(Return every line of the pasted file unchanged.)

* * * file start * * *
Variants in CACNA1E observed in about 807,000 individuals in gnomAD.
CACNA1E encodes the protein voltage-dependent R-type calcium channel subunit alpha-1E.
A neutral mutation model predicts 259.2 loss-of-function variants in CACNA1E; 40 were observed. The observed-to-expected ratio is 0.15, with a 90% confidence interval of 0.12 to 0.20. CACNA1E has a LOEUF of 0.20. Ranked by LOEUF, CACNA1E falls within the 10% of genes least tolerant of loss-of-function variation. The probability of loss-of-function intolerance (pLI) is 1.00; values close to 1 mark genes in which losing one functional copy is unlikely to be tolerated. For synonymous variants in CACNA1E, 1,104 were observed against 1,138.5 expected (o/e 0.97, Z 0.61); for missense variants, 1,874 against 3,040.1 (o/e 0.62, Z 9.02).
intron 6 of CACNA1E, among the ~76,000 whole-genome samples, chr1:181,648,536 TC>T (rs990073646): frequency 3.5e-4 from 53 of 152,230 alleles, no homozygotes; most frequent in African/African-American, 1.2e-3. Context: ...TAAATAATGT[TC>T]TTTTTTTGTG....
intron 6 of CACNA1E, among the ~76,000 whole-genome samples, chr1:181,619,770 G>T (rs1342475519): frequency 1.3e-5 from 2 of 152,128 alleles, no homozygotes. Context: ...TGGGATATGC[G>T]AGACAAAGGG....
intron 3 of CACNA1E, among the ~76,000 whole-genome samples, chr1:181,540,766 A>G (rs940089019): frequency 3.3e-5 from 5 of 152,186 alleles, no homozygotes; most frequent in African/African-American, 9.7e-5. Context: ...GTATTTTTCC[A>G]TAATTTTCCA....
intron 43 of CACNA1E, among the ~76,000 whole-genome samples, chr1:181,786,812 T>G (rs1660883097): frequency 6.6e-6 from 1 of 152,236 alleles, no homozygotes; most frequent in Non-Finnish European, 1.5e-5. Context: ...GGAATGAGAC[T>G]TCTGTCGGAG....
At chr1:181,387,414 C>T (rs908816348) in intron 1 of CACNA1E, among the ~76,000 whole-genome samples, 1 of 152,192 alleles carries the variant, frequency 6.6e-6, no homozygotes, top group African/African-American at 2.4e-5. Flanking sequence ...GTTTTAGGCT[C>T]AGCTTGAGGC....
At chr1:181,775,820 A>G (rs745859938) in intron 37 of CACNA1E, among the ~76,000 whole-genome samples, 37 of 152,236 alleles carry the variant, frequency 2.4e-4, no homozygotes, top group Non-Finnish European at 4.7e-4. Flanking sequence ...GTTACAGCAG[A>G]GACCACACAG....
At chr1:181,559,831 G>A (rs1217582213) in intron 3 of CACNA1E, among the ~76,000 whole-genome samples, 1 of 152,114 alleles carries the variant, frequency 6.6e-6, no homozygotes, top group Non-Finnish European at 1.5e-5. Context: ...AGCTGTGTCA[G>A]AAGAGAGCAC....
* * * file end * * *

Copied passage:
Variants in CACNA1E observed in about 807,000 individuals in gnomAD.
CACNA1E encodes the protein voltage-dependent R-type calcium channel subunit alpha-1E.
A neutral mutation model predicts 259.2 loss-of-function variants in CACNA1E; 40 were observed. The observed-to-expected ratio is 0.15, with a 90% confidence interval of 0.12 to 0.20. CACNA1E has a LOEUF of 0.20. Ranked by LOEUF, CACNA1E falls within the 10% of genes least tolerant of loss-of-function variation. The probability of loss-of-function intolerance (pLI) is 1.00; values close to 1 mark genes in which losing one functional copy is unlikely to be tolerated. For synonymous variants in CACNA1E, 1,104 were observed against 1,138.5 expected (o/e 0.97, Z 0.61); for missense variants, 1,874 against 3,040.1 (o/e 0.62, Z 9.02).
intron 6 of CACNA1E, among the ~76,000 whole-genome samples, chr1:181,648,536 TC>T (rs990073646): frequency 3.5e-4 from 53 of 152,230 alleles, no homozygotes; most frequent in African/African-American, 1.2e-3. Context: ...TAAATAATGT[TC>T]TTTTTTTGTG....
intron 6 of CACNA1E, among the ~76,000 whole-genome samples, chr1:181,619,770 G>T (rs1342475519): frequency 1.3e-5 from 2 of 152,128 alleles, no homozygotes. Context: ...TGGGATATGC[G>T]AGACAAAGGG....
intron 3 of CACNA1E, among the ~76,000 whole-genome samples, chr1:181,540,766 A>G (rs940089019): frequency 3.3e-5 from 5 of 152,186 alleles, no homozygotes; most frequent in African/African-American, 9.7e-5. Context: ...GTATTTTTCC[A>G]TAATTTTCCA....
intron 43 of CACNA1E, among the ~76,000 whole-genome samples, chr1:181,786,812 T>G (rs1660883097): frequency 6.6e-6 from 1 of 152,236 alleles, no homozygotes; most frequent in Non-Finnish European, 1.5e-5. Context: ...GGAATGAGAC[T>G]TCTGTCGGAG....
At chr1:181,387,414 C>T (rs908816348) in intron 1 of CACNA1E, among the ~76,000 whole-genome samples, 1 of 152,192 alleles carries the variant, frequency 6.6e-6, no homozygotes, top group African/African-American at 2.4e-5. Flanking sequence ...GTTTTAGGCT[C>T]AGCTTGAGGC....
At chr1:181,775,820 A>G (rs745859938) in intron 37 of CACNA1E, among the ~76,000 whole-genome samples, 37 of 152,236 alleles carry the variant, frequency 2.4e-4, no homozygotes, top group Non-Finnish European at 4.7e-4. Flanking sequence ...GTTACAGCAG[A>G]GACCACACAG....
At chr1:181,559,831 G>A (rs1217582213) in intron 3 of CACNA1E, among the ~76,000 whole-genome samples, 1 of 152,114 alleles carries the variant, frequency 6.6e-6, no homozygotes, top group Non-Finnish European at 1.5e-5. Context: ...AGCTGTGTCA[G>A]AAGAGAGCAC....